SAU history department reconnects with 1940’s Army WWII Glider and Laurinburg-Maxton Air Base

3 August 2018, 1:26 pm Written by 
Published in Latest News

   A Scotland County military footnote that began near Maxton in 1942 became even more newsworthy and significant in early June this year when a replica of the Army’s WACO CG-4A Glider was built and dedicated at Fort Bragg’s Special Warfare Training Group by the 1stBattalion at Camp Mackall, about seven miles from Fort Bragg.  Named after Pvt. John Mackall, he is thought to be the first paratrooper casualty in World War II and is the only Army base named after an enlisted soldier.  The glider’s tail number, 111242, corresponds to the date Mackall died:  Nov. 12, 1942.

   Glider duty was dangerous, and the gliders were called "flying coffins,"Gooney Birds" and more respectfully "Silent Wings."

   Laurinburg's place in the war effort ended Oct. 30, 1945, when the glider project closed at the Laurinburg-Maxton Air Base.

   However, the connection to Laurinburg cannot be minimized, and one of the guests at the June 7 dedication was St. Andrews faculty member Dr. David Herr who has become a link for those 73 years.

   Dr. Herr, associate professor of history and Liberal Arts department chair, was invited to the dedication because his public history students, faculty colleague Dr. Valerie Austin and he helped research to build specifications for the Glider replica that was being built by Scotland County native Beau Neal and Oak Grove Technologies.  “Our work uncovered dimensional drawings and details of the glider not previously available.  Our search took us to contacts in Texas, Wisconsin and France.  After the class ended two years ago, I stayed in touch with Beau as his team completed the glider.  The glider replica includes the front cockpit frame section from an actual CG-4A that crashed at Camp Mackall and was discovered years later,” Dr. Herr said.

   According to Lt. Col. Seth Wheeler who spoke at the ceremony (and reported by Fayetteville Observer military editor Drew Brooks), “Camp Mackall—once called Camp Hoffman—was an installation to behold, with over 65 miles of paved roads, a 1,200 bed hospital, two cantonment areas with five movie theaters, six beer gardens, a triangle-shaped airport with three 5k foot runways and a total of 1,750 buildings including three libraries and 12 chapels,” he said.

   Camp Mackall was home to U.S. Army Airborne Command that needed greater maneuver areas and airfields to train the expanding airborne and glider units—thus Laurinburg-Maxton became home to the CG-4A and the Glider infantry units.  The 11th, 13th and 17th Airborne Divisions were headquartered at the camp. Additionally, the 82nd Airborne Division and 101st Airborne Division at Fort Bragg trained at Camp Mackall that later became a training location for Special Forces.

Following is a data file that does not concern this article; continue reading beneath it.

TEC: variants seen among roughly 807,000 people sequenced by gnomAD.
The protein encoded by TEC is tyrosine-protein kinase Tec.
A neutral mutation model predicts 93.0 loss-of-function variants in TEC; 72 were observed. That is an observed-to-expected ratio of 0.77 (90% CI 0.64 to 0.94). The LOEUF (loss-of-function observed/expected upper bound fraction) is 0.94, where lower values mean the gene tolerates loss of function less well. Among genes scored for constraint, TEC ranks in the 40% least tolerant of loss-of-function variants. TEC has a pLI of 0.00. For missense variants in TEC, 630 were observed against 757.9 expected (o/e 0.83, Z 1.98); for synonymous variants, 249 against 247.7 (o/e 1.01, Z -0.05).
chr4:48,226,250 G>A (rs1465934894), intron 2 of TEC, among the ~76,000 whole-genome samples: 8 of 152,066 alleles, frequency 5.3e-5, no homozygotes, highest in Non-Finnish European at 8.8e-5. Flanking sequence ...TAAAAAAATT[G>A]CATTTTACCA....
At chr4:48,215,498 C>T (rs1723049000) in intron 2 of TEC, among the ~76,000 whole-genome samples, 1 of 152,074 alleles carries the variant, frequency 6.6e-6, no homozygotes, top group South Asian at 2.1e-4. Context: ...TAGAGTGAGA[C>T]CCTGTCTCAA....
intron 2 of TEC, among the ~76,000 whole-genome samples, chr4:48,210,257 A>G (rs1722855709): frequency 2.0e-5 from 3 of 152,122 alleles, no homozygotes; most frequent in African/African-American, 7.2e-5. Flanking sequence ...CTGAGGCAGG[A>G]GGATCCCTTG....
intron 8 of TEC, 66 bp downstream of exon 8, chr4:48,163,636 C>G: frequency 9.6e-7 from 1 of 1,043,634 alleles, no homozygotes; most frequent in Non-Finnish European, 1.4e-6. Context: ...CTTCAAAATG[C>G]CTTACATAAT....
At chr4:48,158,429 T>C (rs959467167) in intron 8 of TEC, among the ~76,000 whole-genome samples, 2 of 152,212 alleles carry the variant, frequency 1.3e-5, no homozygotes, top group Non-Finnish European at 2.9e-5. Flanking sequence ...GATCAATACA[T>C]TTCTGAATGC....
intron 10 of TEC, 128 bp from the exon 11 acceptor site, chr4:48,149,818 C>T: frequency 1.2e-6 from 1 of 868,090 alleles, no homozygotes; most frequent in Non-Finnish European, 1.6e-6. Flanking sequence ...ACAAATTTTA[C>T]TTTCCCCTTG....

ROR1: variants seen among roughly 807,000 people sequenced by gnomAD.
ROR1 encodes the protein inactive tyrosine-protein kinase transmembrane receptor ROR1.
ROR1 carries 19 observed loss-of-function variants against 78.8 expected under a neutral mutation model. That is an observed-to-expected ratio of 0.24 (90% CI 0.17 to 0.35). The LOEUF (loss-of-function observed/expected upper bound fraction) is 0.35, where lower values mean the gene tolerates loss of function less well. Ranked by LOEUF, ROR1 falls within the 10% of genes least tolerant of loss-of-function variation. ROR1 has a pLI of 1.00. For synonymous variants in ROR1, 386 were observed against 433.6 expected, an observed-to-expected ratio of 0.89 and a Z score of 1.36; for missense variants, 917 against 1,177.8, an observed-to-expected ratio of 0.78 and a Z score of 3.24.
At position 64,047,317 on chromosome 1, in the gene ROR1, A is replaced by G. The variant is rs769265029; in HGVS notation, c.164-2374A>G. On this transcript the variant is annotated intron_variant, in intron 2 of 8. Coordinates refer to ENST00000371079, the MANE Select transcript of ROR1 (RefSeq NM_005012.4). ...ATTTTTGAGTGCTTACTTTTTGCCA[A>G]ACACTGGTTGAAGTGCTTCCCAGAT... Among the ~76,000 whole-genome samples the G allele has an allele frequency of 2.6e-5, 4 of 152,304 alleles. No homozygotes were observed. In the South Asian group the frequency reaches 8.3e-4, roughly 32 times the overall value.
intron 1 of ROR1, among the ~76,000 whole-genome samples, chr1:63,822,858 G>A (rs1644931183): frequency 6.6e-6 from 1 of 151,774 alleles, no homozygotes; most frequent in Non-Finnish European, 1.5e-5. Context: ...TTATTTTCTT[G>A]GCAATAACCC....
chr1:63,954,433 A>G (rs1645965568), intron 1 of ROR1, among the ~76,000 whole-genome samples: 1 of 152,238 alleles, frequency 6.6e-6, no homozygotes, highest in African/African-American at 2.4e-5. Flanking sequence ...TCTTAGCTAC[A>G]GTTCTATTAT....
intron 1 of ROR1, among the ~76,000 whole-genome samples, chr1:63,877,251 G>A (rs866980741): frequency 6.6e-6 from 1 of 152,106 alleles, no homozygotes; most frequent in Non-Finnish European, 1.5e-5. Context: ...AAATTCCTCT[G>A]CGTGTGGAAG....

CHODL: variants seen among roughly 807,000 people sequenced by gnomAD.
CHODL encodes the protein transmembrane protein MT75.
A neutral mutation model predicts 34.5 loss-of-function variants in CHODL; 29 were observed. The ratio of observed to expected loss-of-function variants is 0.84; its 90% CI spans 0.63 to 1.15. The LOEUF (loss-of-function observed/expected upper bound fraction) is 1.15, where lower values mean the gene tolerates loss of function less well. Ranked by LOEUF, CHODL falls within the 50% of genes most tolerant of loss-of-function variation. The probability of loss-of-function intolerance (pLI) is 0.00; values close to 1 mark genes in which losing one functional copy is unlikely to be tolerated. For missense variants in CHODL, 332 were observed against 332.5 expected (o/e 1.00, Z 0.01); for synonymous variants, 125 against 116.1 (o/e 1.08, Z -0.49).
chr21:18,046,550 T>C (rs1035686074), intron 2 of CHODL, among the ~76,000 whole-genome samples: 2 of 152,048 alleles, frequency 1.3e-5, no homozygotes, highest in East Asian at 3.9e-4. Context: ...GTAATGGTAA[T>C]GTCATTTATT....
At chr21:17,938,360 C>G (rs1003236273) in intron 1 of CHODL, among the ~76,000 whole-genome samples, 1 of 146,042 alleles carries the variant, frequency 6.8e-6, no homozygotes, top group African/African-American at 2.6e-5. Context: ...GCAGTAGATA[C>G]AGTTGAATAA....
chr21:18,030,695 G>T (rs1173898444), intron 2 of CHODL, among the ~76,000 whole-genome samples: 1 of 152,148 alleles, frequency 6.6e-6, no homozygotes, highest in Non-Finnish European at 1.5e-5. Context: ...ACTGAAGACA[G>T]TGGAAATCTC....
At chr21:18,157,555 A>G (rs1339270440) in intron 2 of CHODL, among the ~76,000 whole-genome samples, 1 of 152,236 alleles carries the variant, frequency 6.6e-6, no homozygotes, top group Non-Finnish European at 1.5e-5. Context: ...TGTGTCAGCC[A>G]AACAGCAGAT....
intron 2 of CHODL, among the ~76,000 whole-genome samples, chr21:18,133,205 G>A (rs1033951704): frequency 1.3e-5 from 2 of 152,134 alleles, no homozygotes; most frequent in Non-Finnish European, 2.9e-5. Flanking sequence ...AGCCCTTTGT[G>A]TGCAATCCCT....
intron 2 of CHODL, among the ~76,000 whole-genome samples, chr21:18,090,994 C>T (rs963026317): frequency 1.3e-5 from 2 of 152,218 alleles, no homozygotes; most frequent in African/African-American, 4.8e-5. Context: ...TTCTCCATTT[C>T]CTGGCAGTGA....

Dr. Herr notes that during World War II the CG-4A was the most widely used combat glider during the war and troops trained here served in campaigns in both the Pacific and European theaters including the Normandy invasion. “As part of the class we located veterans including a former pilot and former members of the glider infantry, including retired General Robert Johnson.  General Johnson passed away last year but his wife also attended the ceremony with me.  Dr. Austin and I conducted oral history interviews with some of these veterans,” he said.
   Oak Grove Technologies saved the templates and details of the glider replica.  It is hoped that Scotland County and Laurinburg will consider having a second glider replica constructed for public display near Highway 74 to remind everyone of this area's important role in World War II.

   A lengthy description covering the Laurinburg-Maxton Airbase is available on Wikipedia along with photos.  In part, that account adds that Generals Dwight Eisenhower and George Marshal visited a number of times. According to Wikipedia, the CG-4A Waco glider was huge and could carry 13 fully equipped soldiers, or a jeep with a 4-man crew and equipment, or a 75mm howitzer plus supplies and ammunition.  It had a wingspan of over 80 feet and weighed over 4,000 pounds when empty. Manufactured primarily of wood, medal tubing and canvas, it was towed into the air by C-47s that connected to it by a tow rope that also carried basic communications between the glider and aircraft.

   Engineers surveyed the site, water wells were dug and preparations were underway to build a railroad spur to the facility.  The base was planned to be a large, expansive facility designed to house 10,000 men.  The cost was over $10 million and netted 20 miles of paved roads within the compound.

   Dr. Herr said that some homes in Laurinburg were built from the massive wood containers the Army used to ship the gliders.  Each glider required five enormous hardwood containers.

   “It was an extraordinary coincidence that at the same time my public history class was developing a research project about the history of the Maxton Airbase, Beau Neal had been asked by Col. Wheeler to create a life-size glider replica to mark the entrance of Camp Mackall. The students had long wanted to discover an actual glider somewhere in Scotland County and while that didn't happen, we were able to help Beau create a new glider with the exacting historical accuracy both he and the Army desired.  The Sandhills region should be proud of their support for America's effort in World War II and the glider replica helps remind people of that role more than seventy years ago,” Dr. Herr wrote following the dedication.—30—​